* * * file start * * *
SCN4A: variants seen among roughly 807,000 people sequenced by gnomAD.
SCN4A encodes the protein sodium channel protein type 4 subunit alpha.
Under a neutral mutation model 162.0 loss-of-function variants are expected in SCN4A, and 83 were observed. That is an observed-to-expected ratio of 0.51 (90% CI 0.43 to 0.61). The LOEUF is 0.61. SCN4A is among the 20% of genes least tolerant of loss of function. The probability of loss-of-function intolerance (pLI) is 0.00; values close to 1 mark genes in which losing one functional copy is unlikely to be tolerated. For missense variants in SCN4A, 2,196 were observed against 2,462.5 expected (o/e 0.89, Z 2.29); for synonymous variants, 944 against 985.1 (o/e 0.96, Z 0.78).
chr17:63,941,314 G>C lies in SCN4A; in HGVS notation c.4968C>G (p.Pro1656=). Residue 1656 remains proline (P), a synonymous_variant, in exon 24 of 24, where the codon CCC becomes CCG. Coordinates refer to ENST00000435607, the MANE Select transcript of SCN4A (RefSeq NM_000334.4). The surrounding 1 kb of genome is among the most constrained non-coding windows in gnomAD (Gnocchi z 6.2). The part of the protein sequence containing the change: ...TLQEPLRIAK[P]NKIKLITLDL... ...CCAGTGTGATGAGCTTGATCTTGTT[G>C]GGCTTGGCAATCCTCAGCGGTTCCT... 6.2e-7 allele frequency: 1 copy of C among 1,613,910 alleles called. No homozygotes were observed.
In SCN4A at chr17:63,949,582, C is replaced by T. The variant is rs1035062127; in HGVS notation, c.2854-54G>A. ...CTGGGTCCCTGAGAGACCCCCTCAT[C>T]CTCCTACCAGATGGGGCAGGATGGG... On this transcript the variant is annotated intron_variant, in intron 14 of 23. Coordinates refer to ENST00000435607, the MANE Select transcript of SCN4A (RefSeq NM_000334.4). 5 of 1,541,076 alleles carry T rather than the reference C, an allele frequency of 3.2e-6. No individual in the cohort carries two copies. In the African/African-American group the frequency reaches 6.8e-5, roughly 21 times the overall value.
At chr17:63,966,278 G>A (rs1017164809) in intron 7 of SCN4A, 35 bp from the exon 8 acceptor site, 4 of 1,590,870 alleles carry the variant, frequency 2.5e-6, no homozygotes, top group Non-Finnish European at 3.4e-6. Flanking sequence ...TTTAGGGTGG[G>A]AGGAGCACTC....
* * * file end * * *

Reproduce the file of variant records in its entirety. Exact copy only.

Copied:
SCN4A: variants seen among roughly 807,000 people sequenced by gnomAD.
SCN4A encodes the protein sodium channel protein type 4 subunit alpha.
Under a neutral mutation model 162.0 loss-of-function variants are expected in SCN4A, and 83 were observed. That is an observed-to-expected ratio of 0.51 (90% CI 0.43 to 0.61). The LOEUF is 0.61. SCN4A is among the 20% of genes least tolerant of loss of function. The probability of loss-of-function intolerance (pLI) is 0.00; values close to 1 mark genes in which losing one functional copy is unlikely to be tolerated. For missense variants in SCN4A, 2,196 were observed against 2,462.5 expected (o/e 0.89, Z 2.29); for synonymous variants, 944 against 985.1 (o/e 0.96, Z 0.78).
chr17:63,941,314 G>C lies in SCN4A; in HGVS notation c.4968C>G (p.Pro1656=). Residue 1656 remains proline (P), a synonymous_variant, in exon 24 of 24, where the codon CCC becomes CCG. Coordinates refer to ENST00000435607, the MANE Select transcript of SCN4A (RefSeq NM_000334.4). The surrounding 1 kb of genome is among the most constrained non-coding windows in gnomAD (Gnocchi z 6.2). The part of the protein sequence containing the change: ...TLQEPLRIAK[P]NKIKLITLDL... ...CCAGTGTGATGAGCTTGATCTTGTT[G>C]GGCTTGGCAATCCTCAGCGGTTCCT... 6.2e-7 allele frequency: 1 copy of C among 1,613,910 alleles called. No homozygotes were observed.
In SCN4A at chr17:63,949,582, C is replaced by T. The variant is rs1035062127; in HGVS notation, c.2854-54G>A. ...CTGGGTCCCTGAGAGACCCCCTCAT[C>T]CTCCTACCAGATGGGGCAGGATGGG... On this transcript the variant is annotated intron_variant, in intron 14 of 23. Coordinates refer to ENST00000435607, the MANE Select transcript of SCN4A (RefSeq NM_000334.4). 5 of 1,541,076 alleles carry T rather than the reference C, an allele frequency of 3.2e-6. No individual in the cohort carries two copies. In the African/African-American group the frequency reaches 6.8e-5, roughly 21 times the overall value.
At chr17:63,966,278 G>A (rs1017164809) in intron 7 of SCN4A, 35 bp from the exon 8 acceptor site, 4 of 1,590,870 alleles carry the variant, frequency 2.5e-6, no homozygotes, top group Non-Finnish European at 3.4e-6. Flanking sequence ...TTTAGGGTGG[G>A]AGGAGCACTC....